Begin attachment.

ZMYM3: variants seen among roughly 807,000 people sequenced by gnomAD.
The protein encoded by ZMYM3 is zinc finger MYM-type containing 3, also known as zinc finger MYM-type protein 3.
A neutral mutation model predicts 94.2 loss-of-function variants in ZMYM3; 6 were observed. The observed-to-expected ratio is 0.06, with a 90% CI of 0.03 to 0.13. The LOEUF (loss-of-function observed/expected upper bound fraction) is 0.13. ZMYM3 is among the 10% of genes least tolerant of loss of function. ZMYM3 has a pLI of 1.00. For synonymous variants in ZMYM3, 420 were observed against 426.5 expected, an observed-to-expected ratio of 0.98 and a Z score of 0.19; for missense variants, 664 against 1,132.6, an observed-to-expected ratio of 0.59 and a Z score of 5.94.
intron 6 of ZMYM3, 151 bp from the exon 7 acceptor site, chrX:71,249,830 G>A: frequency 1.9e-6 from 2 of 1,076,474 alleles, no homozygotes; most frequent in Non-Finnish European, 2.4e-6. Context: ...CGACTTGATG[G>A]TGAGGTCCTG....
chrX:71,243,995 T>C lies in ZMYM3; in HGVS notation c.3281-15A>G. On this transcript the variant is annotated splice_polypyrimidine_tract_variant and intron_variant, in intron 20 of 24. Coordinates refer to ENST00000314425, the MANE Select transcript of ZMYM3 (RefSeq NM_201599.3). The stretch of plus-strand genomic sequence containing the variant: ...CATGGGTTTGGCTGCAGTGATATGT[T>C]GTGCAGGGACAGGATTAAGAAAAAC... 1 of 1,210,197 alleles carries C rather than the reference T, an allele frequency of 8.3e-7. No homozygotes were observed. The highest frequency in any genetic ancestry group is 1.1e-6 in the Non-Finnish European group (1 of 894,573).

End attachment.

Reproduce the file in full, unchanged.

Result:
ZMYM3: variants seen among roughly 807,000 people sequenced by gnomAD.
The protein encoded by ZMYM3 is zinc finger MYM-type containing 3, also known as zinc finger MYM-type protein 3.
A neutral mutation model predicts 94.2 loss-of-function variants in ZMYM3; 6 were observed. The observed-to-expected ratio is 0.06, with a 90% CI of 0.03 to 0.13. The LOEUF (loss-of-function observed/expected upper bound fraction) is 0.13. ZMYM3 is among the 10% of genes least tolerant of loss of function. ZMYM3 has a pLI of 1.00. For synonymous variants in ZMYM3, 420 were observed against 426.5 expected, an observed-to-expected ratio of 0.98 and a Z score of 0.19; for missense variants, 664 against 1,132.6, an observed-to-expected ratio of 0.59 and a Z score of 5.94.
intron 6 of ZMYM3, 151 bp from the exon 7 acceptor site, chrX:71,249,830 G>A: frequency 1.9e-6 from 2 of 1,076,474 alleles, no homozygotes; most frequent in Non-Finnish European, 2.4e-6. Context: ...CGACTTGATG[G>A]TGAGGTCCTG....
chrX:71,243,995 T>C lies in ZMYM3; in HGVS notation c.3281-15A>G. On this transcript the variant is annotated splice_polypyrimidine_tract_variant and intron_variant, in intron 20 of 24. Coordinates refer to ENST00000314425, the MANE Select transcript of ZMYM3 (RefSeq NM_201599.3). The stretch of plus-strand genomic sequence containing the variant: ...CATGGGTTTGGCTGCAGTGATATGT[T>C]GTGCAGGGACAGGATTAAGAAAAAC... 1 of 1,210,197 alleles carries C rather than the reference T, an allele frequency of 8.3e-7. No homozygotes were observed. The highest frequency in any genetic ancestry group is 1.1e-6 in the Non-Finnish European group (1 of 894,573).